Gli incontri hanno reso il nostro viaggio speciale e, senza paura di usare un cliché, sono state le piccole comunitá rurali e vari individui incontrati sulla strada che ci hanno accolto con il loro contatto umano e spesso con aiuto concreto. Poi c’é il gruppo dei ciclisti come noi,  la maggioranza stava seguendo un percorso simile al nostro ma in direzione opposta, altri hanno risolto il dilemma est-ovest o ovest-est seguendo una direzione nord-sud con partenza dallo Yukon. Altri ancora sono in viaggio da mesi ed hanno in programma di raggiungere la Terra Del Fuoco , o di fare il giro del mondo. Sono stati momenti brevi, certamente troppo brevi. La memoria dei quali sembra peró consolidarsi con una maggiore e placida presa.

Poi c’é Jamie McDonald. The Globe And Mail di Vancouver del16/9 ha un articolo su di lui. Jamie soffre da quando era bambino di una malattia alla spina dorsale. Il dolore puó essere alleviato da un intenso esercizio fisico, cosí nel corso degli anni lui ha pedalato da Bangkok a Manchester e detiene il record mondialedi di bicicletta stazionaria. Queste imprese gli hanno consentito di raccogliere fondi per beneficienza. Ai primi di marzo Jamie ha cominciato a correre da St. John’s in Terranova verso ovest con traguardo Vancouver , 8000 km di distanza, una maratona al giorno. Questa é dopotutto la terra di Terry Fox. E questo per dare una giusta prospettiva alle cose.


“Longtemps , je me suis couché de bonne heure.”  So begins one of the great literary masterpieces of all time. “In Search of Lost Time “. I am on the twelfth floor of the Landis Hotel & Suites Downtown in Vancouver, where our journey has come to an end, in a state of what my sister calls “decompression “. After more than three months on the road , sleeping in tents and covering an average of 130 km per day, bedtime is coming too early for me, as well as the time I wake up in the morning.

The first realization that we had come to the end of our trip was when we were at the breakfast buffet in the hotel, when, having piled up our plates, we looked at each other and we commented in disappointment, “But we don’t need to eat this much now .” After months of Pantagruelian breakfasts, it’s hard to lose the habit . The problem, though, is that our metabolism is still working at speed and get hungry again quickly, as if we had cycled 50 km. Alcide  has lost 7kg since we started our trip , I have lost about 6kg , and Olmo seems to have put on weight. Considering that is the one who has been eating the most, this is not surprising.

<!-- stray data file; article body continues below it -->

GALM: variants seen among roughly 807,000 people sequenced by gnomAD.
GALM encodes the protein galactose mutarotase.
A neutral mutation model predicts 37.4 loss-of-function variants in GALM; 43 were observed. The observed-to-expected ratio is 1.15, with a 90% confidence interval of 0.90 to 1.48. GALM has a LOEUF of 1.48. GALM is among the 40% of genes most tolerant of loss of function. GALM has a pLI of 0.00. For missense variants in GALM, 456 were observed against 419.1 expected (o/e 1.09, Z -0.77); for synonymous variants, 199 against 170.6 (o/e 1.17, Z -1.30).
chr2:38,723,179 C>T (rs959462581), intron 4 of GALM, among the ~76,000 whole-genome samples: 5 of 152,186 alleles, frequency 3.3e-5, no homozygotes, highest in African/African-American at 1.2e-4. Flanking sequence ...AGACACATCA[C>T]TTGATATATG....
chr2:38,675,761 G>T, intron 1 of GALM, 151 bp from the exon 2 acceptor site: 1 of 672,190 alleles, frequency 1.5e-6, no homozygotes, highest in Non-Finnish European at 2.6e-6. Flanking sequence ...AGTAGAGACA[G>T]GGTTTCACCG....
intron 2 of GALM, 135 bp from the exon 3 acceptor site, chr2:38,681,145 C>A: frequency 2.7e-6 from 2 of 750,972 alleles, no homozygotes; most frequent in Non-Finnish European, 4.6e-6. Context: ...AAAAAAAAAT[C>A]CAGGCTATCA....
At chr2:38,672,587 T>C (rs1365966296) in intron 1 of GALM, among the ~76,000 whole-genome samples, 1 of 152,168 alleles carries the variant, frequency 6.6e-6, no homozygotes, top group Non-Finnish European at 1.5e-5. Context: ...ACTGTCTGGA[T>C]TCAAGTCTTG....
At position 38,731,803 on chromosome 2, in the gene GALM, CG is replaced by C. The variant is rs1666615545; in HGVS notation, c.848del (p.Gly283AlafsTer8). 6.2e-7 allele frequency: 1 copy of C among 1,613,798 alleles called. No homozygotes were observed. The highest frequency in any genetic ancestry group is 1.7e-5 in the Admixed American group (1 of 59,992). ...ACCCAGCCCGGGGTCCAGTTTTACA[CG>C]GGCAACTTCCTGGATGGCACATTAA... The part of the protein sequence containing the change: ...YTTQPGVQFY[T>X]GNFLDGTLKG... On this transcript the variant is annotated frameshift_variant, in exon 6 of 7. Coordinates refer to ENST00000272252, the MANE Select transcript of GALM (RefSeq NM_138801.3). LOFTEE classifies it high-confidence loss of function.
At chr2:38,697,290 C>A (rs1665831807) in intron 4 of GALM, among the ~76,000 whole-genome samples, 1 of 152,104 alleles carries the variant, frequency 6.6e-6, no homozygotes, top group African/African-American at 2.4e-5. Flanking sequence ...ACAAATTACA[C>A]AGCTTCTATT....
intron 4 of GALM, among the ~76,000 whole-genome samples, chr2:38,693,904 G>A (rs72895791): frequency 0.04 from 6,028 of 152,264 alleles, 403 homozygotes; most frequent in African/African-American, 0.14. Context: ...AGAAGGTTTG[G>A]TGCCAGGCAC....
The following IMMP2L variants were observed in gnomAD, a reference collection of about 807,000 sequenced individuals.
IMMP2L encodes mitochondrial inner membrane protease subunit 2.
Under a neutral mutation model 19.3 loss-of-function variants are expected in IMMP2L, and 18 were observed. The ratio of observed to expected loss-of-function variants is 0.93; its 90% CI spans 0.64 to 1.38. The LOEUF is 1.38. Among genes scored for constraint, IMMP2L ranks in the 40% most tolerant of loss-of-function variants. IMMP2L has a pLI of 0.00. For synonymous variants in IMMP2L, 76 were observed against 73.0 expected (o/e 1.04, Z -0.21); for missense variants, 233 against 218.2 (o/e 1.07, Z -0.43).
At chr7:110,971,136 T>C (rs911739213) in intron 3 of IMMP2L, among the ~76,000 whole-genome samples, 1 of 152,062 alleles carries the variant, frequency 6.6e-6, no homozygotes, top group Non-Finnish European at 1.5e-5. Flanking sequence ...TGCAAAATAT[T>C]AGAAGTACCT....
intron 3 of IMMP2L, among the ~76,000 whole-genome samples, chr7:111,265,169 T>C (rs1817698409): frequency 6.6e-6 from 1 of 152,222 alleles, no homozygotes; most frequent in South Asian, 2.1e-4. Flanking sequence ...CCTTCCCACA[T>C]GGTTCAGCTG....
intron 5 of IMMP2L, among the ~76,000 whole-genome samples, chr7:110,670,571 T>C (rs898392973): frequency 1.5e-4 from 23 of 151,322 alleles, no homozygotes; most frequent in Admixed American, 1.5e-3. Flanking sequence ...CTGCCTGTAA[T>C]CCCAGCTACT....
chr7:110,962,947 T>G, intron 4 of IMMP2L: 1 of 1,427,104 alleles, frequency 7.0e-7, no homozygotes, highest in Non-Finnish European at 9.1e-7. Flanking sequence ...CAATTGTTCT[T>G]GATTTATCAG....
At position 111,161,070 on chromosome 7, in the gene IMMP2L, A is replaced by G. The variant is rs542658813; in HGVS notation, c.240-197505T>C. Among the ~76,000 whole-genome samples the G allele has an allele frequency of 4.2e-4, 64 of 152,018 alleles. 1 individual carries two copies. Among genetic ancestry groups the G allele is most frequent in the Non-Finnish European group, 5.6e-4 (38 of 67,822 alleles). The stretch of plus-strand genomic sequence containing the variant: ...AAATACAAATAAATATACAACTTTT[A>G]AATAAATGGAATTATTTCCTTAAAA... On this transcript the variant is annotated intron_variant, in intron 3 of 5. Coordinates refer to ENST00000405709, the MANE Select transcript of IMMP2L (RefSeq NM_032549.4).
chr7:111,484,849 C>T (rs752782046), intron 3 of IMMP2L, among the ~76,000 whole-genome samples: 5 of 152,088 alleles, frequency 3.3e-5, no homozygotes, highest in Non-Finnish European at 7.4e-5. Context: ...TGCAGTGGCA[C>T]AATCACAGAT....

The last three days on the road were spent on Vancouver Island, in a campsite located on an organic farm. We had the the best dinners of the entire trip , grilled steaks and salmon. Vancouver Island has been the jewel at the end of our journey , the real point of arrival. Don Watt and his friends told us not to say too much about how beautiful their island is, to avoid a stampede.

I cannot consider Vancouver our point of arrival, as captivating as the city is. Only after I made myself think that I’m here for just a week of vacation, after a journey of three months and 7000km by bicycle, could I focus on what is, after all, the largest and most attractive cities to live in in North America, and one of the most beautiful in the world. This is true, but it cannot compete with the philosophical beauty of the prairie or the drama of the Rockies, nor can the ferocity of Lake Superior be experienced on the twelfth floor of a hotel, however striking the thunder and lightning.

It is meeting others en route that has made our trip special, and, though of course it is a cliché, the small rural communities and various individuals we encountered on the road, who welcomed us with their human contact and often with practical help . Then there was the group of cyclists like us, most following a path similar to ours but going in the opposite direction. Others have solved the east-west or west-east dilemma by cycling in a north-south direction, starting from the Yukon . Still others will be on the road for many months, planning to reach Tierra Del Fuego , or go around the world. They were brief moments of friendship , certainly too short, but the memories of which, however, seem to grip ever more powerfully.